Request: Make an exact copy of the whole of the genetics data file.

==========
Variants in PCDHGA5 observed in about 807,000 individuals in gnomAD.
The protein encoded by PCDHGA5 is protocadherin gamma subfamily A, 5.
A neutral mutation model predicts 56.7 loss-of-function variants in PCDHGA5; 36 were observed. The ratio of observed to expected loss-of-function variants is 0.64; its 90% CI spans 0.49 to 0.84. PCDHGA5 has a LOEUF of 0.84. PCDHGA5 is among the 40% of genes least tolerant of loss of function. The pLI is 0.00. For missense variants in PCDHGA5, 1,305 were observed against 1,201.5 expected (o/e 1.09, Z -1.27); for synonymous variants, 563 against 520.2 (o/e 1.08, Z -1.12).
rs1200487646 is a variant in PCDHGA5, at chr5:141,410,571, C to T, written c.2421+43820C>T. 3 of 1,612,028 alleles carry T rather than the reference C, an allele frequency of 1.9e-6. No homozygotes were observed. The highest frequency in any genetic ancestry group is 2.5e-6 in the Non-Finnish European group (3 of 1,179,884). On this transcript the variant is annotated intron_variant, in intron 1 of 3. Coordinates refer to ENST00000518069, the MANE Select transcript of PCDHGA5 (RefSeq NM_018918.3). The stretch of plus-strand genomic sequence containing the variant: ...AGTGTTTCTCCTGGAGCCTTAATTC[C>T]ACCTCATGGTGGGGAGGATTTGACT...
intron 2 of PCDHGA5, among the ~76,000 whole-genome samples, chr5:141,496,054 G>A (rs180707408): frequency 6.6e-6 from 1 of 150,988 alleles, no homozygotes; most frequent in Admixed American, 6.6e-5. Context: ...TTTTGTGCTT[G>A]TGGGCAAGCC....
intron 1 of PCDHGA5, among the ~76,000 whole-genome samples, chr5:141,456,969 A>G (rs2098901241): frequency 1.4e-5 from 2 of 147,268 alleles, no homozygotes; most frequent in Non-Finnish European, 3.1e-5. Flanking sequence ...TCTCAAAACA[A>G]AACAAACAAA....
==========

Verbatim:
Variants in PCDHGA5 observed in about 807,000 individuals in gnomAD.
The protein encoded by PCDHGA5 is protocadherin gamma subfamily A, 5.
A neutral mutation model predicts 56.7 loss-of-function variants in PCDHGA5; 36 were observed. The ratio of observed to expected loss-of-function variants is 0.64; its 90% CI spans 0.49 to 0.84. PCDHGA5 has a LOEUF of 0.84. PCDHGA5 is among the 40% of genes least tolerant of loss of function. The pLI is 0.00. For missense variants in PCDHGA5, 1,305 were observed against 1,201.5 expected (o/e 1.09, Z -1.27); for synonymous variants, 563 against 520.2 (o/e 1.08, Z -1.12).
rs1200487646 is a variant in PCDHGA5, at chr5:141,410,571, C to T, written c.2421+43820C>T. 3 of 1,612,028 alleles carry T rather than the reference C, an allele frequency of 1.9e-6. No homozygotes were observed. The highest frequency in any genetic ancestry group is 2.5e-6 in the Non-Finnish European group (3 of 1,179,884). On this transcript the variant is annotated intron_variant, in intron 1 of 3. Coordinates refer to ENST00000518069, the MANE Select transcript of PCDHGA5 (RefSeq NM_018918.3). The stretch of plus-strand genomic sequence containing the variant: ...AGTGTTTCTCCTGGAGCCTTAATTC[C>T]ACCTCATGGTGGGGAGGATTTGACT...
intron 2 of PCDHGA5, among the ~76,000 whole-genome samples, chr5:141,496,054 G>A (rs180707408): frequency 6.6e-6 from 1 of 150,988 alleles, no homozygotes; most frequent in Admixed American, 6.6e-5. Context: ...TTTTGTGCTT[G>A]TGGGCAAGCC....
intron 1 of PCDHGA5, among the ~76,000 whole-genome samples, chr5:141,456,969 A>G (rs2098901241): frequency 1.4e-5 from 2 of 147,268 alleles, no homozygotes; most frequent in Non-Finnish European, 3.1e-5. Flanking sequence ...TCTCAAAACA[A>G]AACAAACAAA....